Bureau of Reclamation Banner
This information is intended to convey the underlying concepts for Reclamation's decision processes. It is not mandatory.
See the Reclamation Manual for official Reclamation-wide requirements.

Reclamation's Decision Process Guide

Step 10, Monitor and Follow Up

Purpose / Why / How / Tools / Look Forward / Go On

pretty border

Now that the solution is operating , make sure it continues to solve the problem.

pretty border

navigate in the page--Purpose

click for comics

(What we learned)

  • Adapt to changes
  • Monitor to ensure that the solution continues to work
  • Maintain support

pretty border

navigate in the page--Why?

Keep track of the solution so your investment pays off.

Monitoring the performance of the solution is Reclamation's best investment bet for future credibility and effectiveness. Monitoring focuses the attention on what does work and what continues to work. Participants, clients, and customers will see that you can and do adapt the solution to fit the changing needs . They will thus be more willing to work with you on a continuing basis, increasing your effectiveness and ability to solve problems. This will help lay the foundation for future processes.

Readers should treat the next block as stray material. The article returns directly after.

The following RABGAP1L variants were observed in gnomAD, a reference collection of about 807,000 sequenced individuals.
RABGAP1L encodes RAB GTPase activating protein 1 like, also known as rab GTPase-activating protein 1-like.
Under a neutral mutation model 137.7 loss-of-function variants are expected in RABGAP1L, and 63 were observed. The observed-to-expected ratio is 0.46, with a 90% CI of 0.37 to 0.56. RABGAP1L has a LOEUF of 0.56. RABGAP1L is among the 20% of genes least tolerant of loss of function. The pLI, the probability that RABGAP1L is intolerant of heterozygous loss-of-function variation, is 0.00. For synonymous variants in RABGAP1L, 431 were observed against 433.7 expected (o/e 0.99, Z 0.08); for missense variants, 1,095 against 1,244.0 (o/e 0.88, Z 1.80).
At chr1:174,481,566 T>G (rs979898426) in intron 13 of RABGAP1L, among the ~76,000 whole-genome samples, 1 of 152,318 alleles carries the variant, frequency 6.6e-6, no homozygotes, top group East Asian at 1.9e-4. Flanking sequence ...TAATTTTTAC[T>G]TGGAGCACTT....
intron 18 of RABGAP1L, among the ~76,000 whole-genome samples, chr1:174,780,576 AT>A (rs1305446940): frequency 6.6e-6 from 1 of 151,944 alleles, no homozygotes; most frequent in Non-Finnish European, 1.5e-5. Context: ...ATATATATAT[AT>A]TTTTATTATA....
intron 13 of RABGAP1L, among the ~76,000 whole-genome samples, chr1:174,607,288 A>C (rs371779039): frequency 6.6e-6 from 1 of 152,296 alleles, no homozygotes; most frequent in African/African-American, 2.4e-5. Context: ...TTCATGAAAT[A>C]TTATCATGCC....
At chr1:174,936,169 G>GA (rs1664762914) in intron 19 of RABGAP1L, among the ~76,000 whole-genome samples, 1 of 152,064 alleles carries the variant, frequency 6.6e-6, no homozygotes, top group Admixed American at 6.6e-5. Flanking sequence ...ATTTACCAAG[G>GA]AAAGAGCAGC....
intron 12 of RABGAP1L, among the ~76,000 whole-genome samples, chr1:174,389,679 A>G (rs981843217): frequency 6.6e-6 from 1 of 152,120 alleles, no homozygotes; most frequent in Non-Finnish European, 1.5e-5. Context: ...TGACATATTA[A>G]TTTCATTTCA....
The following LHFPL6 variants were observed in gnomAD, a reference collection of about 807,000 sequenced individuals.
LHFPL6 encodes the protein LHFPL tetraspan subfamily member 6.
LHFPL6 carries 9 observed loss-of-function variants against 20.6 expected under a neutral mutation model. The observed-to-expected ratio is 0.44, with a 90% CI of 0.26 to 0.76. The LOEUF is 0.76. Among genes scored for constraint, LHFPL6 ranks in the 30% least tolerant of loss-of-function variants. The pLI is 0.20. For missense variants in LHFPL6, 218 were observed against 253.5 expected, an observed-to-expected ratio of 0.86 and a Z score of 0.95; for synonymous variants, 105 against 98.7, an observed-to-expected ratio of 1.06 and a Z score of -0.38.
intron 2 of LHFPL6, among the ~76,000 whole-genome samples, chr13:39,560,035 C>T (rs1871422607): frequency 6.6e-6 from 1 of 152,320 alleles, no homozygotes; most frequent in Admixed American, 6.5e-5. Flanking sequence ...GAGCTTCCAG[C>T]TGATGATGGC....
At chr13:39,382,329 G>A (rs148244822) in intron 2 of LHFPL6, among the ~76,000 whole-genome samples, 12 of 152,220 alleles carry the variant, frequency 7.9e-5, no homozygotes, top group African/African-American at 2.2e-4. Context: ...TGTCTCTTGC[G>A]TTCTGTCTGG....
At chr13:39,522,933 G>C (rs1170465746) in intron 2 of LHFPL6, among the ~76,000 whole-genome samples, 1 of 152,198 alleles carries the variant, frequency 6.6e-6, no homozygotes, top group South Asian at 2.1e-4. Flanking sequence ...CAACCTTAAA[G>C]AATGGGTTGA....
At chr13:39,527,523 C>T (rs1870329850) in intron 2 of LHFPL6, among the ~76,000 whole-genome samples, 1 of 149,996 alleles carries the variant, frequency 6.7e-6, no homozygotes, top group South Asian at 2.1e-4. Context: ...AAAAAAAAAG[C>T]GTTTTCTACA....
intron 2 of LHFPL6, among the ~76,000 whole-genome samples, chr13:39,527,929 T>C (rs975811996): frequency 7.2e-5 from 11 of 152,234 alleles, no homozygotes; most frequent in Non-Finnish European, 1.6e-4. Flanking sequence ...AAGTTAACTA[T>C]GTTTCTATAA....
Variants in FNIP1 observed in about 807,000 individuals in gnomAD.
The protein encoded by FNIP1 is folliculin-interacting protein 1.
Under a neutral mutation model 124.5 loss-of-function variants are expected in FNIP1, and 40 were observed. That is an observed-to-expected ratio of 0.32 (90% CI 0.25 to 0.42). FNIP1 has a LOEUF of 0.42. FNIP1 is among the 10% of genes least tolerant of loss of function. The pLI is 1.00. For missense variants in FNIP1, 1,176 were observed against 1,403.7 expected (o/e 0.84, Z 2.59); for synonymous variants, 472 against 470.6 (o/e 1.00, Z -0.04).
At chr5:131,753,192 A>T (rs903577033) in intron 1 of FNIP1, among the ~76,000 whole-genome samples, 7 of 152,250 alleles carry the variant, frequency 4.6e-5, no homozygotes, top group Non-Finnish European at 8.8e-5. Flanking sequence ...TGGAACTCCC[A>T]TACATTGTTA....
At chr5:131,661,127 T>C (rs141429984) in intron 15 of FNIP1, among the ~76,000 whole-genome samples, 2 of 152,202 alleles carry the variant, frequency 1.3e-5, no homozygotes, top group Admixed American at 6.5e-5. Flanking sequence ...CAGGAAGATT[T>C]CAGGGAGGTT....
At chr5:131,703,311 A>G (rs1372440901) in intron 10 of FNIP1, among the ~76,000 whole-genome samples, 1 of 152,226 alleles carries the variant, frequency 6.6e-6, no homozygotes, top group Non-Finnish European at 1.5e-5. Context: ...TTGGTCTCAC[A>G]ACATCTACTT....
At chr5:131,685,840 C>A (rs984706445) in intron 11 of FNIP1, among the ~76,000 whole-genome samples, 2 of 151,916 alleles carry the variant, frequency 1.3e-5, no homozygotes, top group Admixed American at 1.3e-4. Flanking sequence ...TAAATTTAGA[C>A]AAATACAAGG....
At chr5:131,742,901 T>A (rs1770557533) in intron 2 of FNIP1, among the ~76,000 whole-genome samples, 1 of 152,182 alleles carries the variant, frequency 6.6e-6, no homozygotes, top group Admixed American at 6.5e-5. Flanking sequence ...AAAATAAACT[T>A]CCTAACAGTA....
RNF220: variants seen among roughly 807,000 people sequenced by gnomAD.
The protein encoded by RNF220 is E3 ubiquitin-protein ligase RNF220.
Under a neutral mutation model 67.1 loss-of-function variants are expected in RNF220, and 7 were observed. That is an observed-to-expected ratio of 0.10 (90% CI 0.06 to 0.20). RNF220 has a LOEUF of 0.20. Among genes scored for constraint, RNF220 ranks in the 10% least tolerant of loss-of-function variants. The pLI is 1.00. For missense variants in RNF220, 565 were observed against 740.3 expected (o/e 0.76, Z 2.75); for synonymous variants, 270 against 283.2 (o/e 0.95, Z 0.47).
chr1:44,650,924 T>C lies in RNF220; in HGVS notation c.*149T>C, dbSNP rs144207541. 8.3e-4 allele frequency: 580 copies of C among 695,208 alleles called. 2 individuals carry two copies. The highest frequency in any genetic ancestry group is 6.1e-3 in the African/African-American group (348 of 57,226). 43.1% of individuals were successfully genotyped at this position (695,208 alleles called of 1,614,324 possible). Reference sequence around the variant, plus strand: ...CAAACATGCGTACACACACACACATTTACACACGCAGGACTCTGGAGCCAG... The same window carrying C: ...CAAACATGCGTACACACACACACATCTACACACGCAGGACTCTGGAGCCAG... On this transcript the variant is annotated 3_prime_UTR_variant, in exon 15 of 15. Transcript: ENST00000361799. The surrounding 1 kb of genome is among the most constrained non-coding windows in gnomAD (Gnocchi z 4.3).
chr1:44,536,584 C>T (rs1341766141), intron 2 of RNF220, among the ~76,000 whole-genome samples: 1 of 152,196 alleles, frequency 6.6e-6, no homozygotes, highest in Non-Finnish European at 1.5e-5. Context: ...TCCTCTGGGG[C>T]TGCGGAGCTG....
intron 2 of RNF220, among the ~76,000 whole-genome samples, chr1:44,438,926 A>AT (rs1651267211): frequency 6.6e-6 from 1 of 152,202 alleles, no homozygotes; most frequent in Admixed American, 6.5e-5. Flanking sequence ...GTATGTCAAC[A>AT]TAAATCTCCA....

pretty border

navigate in the page--How?

Do what you said you were going to do and continue to do it until someone gives you a good reason to stop .

The level of monitoring and followup will vary for each process. Examine how the solution works and interacts with other processes. Get with participants to determine the best procedures for monitoring your solution. Some questions to consider are:

  • How often will you monitor check the solution?
  • What criteria will be used?
  • How will you determine what changes and adaptions need to be made?

How will you make those changes?

Monitoring and adapting can become less and less frequent over time but this decrease depends on the level of performance and public trust that has been built and can be maintained.


If you've never had a process break down, then you won't know when it is working. (Think about the oil pressure light in your car.)

Now that the solution is a reality, people will see it in a very different light. Do some scoping to figure out whether the solution still meets the needs. Areas to consider include:

Identify the decisionmakers you will need if anything changes. What will they decide? What do they need to know? How often do they need to be involved? Have participants (e.g., State legislators, water masters, environmental organizations, and political appointees) changed? Have agendas , priorities , or strategies changed?
Do participants think the solution is working? What does work? What could be improved?
Related problems.
Are there other actions in the area that keep the solution from being effective? Can you address these?
What are the solution's effects on the community and area? Have any problems been created by the solution? How will you address these?
Review the commitments made throughout the process. Are they still valid? Have you met these commitments?

The solution's purpose and scope may be redefined due to changes in laws, court interpretations, funding and authorizations, etc.

Documenting and Tracking

If the solution works, don't fix it--just keep folks informed.